West Central has been a staple throughout Spokane’s history. Near the turn of the century, the majority of the neighborhood’s houses were built, and have remained standing since. The community was vibrant and filled with the blue-collar workers of the railroad industry. For years this was considered a cornerstone neighborhood of the city. During the early 1970s, Spokane experienced large economic changes and the booming commerce of the railroads declined rapidly. Due to layoffs and the rising cost of living, the West Central neighborhood began to fall into disarray and was dubbed Felony Flats as the abandoned rail yard became a hub for crime. In the early 1990s, a group of community activists came together to reclaim their once beloved neighborhood. Action was taken through community development, remodeled homes, C.O.P.S. (Community Oriented Policing Services), and new business development. West Central experienced a rebirth.

Revitalization of the West Central Neighborhood has taken time and investment from the community and is still underway today. There have been many players, and Skils’kin is proud to have contributed to Dutch Jake’s Park. Through our experience with public works projects, the Commercial Services crew was prepared to work as a contractor, while expanding our services and knowledge. On this project, we provided labor, laying down 26,000 square feet of sod, and assisted assembling the irrigation system. Starting in October of 2019, a small team began to move rocks and soil to create a level field for the play structure. During this time an irrigation system was also assembled underground. Molly Lorenzo, Commercial Services Supervisor, could feel the community connection during the project, “It was a great experience and we learned a lot… Neighbors would come by and check-in on the progress. The neighborhood was supportive.”

November 21st, 2019 was the grand reopening of Dutch Jake’s Park. It was a vibrant event on a sunny brisk day in West Central. Mayor David Condon spoke about the obvious success of the beautification project, and how much he personally enjoyed the new play structures earlier that morning. He was then followed by community members and businesses honoring the neighborhood and the many invested players in taking ownership. A community-based marching band then took the field and played off the event as families and community members enjoyed the park.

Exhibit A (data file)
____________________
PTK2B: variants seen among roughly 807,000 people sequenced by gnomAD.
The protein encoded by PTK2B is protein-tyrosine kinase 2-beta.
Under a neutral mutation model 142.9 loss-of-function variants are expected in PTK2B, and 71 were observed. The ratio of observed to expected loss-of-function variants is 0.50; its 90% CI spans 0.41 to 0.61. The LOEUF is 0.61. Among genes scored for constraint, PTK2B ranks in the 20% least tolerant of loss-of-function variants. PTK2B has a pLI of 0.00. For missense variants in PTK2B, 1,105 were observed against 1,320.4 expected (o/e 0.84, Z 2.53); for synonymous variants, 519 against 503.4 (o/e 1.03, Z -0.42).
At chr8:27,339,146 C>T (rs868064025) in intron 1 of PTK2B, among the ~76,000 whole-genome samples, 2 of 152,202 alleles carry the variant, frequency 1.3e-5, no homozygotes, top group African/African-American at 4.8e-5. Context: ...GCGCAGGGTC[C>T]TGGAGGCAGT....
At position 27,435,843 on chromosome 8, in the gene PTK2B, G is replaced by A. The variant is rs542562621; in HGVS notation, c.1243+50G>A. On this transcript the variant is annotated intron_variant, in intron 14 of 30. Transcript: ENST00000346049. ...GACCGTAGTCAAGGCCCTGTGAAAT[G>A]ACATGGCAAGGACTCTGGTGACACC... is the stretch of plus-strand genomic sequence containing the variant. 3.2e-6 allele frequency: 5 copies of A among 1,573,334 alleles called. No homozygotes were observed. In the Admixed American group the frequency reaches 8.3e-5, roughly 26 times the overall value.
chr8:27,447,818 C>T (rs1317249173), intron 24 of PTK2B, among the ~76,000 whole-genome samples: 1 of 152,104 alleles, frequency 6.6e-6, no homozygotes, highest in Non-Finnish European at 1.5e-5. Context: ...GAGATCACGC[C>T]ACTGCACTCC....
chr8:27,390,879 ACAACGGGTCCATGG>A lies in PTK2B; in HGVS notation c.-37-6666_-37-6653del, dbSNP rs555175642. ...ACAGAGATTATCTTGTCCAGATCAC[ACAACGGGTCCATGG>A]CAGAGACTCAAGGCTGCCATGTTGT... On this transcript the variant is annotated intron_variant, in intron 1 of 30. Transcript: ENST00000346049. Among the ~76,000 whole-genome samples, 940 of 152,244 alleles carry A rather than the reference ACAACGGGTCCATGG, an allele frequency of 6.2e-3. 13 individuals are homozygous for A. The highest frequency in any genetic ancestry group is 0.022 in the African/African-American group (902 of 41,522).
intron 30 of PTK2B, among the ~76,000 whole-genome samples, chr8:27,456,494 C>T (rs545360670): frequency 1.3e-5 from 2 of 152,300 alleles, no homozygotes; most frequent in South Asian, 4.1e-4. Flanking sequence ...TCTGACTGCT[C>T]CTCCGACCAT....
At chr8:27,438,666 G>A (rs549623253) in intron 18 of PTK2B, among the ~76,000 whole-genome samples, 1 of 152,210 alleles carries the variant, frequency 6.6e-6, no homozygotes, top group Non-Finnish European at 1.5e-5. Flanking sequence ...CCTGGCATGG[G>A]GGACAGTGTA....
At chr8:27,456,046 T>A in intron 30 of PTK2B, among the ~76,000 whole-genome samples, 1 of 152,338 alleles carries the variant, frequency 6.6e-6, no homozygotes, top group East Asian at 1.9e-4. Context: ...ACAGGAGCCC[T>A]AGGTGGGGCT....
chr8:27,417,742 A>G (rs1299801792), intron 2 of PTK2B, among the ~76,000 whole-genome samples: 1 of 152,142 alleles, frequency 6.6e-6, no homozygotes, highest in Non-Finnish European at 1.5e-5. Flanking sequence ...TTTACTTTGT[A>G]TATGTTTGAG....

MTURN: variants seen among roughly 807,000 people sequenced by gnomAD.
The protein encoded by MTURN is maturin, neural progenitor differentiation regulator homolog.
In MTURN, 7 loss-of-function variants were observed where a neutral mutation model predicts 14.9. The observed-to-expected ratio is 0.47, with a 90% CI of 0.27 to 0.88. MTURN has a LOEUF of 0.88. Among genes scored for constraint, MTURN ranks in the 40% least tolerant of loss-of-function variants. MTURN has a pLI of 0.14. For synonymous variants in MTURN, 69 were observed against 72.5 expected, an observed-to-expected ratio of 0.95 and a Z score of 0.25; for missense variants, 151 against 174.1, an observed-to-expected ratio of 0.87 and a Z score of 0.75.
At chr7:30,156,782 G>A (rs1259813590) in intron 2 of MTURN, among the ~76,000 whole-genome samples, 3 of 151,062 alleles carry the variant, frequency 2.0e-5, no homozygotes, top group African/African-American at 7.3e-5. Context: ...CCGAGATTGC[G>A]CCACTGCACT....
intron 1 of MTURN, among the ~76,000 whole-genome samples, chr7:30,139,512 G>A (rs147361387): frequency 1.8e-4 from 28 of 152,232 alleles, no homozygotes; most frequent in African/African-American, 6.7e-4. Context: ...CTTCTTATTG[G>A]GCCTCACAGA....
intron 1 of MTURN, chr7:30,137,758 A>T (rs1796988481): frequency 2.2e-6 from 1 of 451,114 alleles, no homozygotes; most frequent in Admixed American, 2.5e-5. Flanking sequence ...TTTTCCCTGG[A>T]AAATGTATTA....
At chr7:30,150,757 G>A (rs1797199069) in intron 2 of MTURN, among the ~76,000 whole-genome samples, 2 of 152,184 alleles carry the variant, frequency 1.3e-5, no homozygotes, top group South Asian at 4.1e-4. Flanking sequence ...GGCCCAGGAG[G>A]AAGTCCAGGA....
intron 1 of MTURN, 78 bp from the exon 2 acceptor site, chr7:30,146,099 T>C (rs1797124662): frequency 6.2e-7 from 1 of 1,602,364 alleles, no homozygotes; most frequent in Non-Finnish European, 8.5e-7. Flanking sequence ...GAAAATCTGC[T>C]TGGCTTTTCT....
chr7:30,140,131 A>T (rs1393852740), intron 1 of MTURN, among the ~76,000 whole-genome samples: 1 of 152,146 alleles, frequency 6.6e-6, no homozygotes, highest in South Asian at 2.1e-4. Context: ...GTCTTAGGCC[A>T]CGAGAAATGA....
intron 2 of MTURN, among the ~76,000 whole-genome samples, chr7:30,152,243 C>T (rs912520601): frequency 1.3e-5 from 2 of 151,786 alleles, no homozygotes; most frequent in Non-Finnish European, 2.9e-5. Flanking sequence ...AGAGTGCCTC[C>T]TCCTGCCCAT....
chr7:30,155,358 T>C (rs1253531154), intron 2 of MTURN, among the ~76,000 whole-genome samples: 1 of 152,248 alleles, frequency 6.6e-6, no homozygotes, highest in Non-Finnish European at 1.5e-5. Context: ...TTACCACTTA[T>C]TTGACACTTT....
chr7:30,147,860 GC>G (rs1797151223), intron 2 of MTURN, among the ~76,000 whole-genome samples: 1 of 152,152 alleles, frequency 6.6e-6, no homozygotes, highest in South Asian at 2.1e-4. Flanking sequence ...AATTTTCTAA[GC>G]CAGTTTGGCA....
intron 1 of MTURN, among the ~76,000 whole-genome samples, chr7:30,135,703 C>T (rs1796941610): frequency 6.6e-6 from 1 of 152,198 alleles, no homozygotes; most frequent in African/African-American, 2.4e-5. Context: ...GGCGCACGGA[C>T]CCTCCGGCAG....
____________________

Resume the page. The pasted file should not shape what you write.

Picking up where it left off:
Skils’kin Commercial Services crew: Brandon Skocilich, Molly Lorenzo, Aethena Doney and Aaron Hatman

“A Place to Call Home” in the Eyes of Skils’kin

The Spokane Civic Theatre debuted an original play telling the story of the Hutton Settlement, and Skils’kin is happy to share news about our talented staff being a part of the production and filming of “A Place to Call Home.”

Skils’kin was contracted to film Spokane Civic Theatre’s production of “A Place to Call Home.” The story follows the life of Levi “Al” Hutton and the creation of Hutton Home/Settlement. This production was part of an anniversary celebration called 100 Years of Hutton. Zack Rosse, Marketing Manager, filmed the production for Marketing to assemble an archival video. Additional production of editing and creating an animated opening for the video was also implemented by Mike Ellsworth, Media Specialist. Skils’kin’s Melody Deatherage, HR Business Partner/Benefits Specialist, starred in the production as well. Additionally, Lark Mack took photographs of “A Place to Call Home.”

Skils’kin was excited to be involved in this historical process. Thank you Spokane Civic Theatre and the Hutton Settlement for letting us be part of this production.

Why We Work: Lark Mack

Skils’kin has added another esteemed employee to our Why We Work campaign. Lark Mack is one of the front desk admins at the Boone Headquarters in Spokane, Washington. She has been with Skils’kin for about 5 and a half years. During that time her life has gone through some momentous changes which are notably positive: procuring a driver’s license, getting married, and excelling in her photography are just a few examples.
 
Lark has been on the up-and-up since starting at Skils’kin. She is a valued team member and a wonderful person. Her can-do, positive attitude allows her to excel in her position. When she has an idea or method or is asked about a project; she is known to provide valuable input. In the last few years, Lark has applied her best self in her efforts at Skils’kin.
 
All these qualities mentioned and all she says in the video holds important work lessons. They are all reasons why she is an exemplary candidate to represent Skils’kin. Then she does so with a warm greeting to all who enter our doors.
 
Another notable fact about this video is a production change. Usually, Marketing Manager Zack Rosse is our Videographer, but this time HR Manager Ian Graves generated questions, conducted the interview and filmed Lark’s responses. Zack compiled and edited the footage and finalized the video. Watch and find out why Lark works.
 
Thank you, Lark, for sharing your views and all your contributions to Skils’kin. Additionally, thank you, Ian, for helping to bring this project to fruition and all you add to Skils’kin. And thank you, Zack, for polishing the footage. Teamwork is alive and well at Skils’kin.
 

 
If you would like to contribute to the “Why We Work” campaign, submit your story to: WhyWeWork@skils-kin.org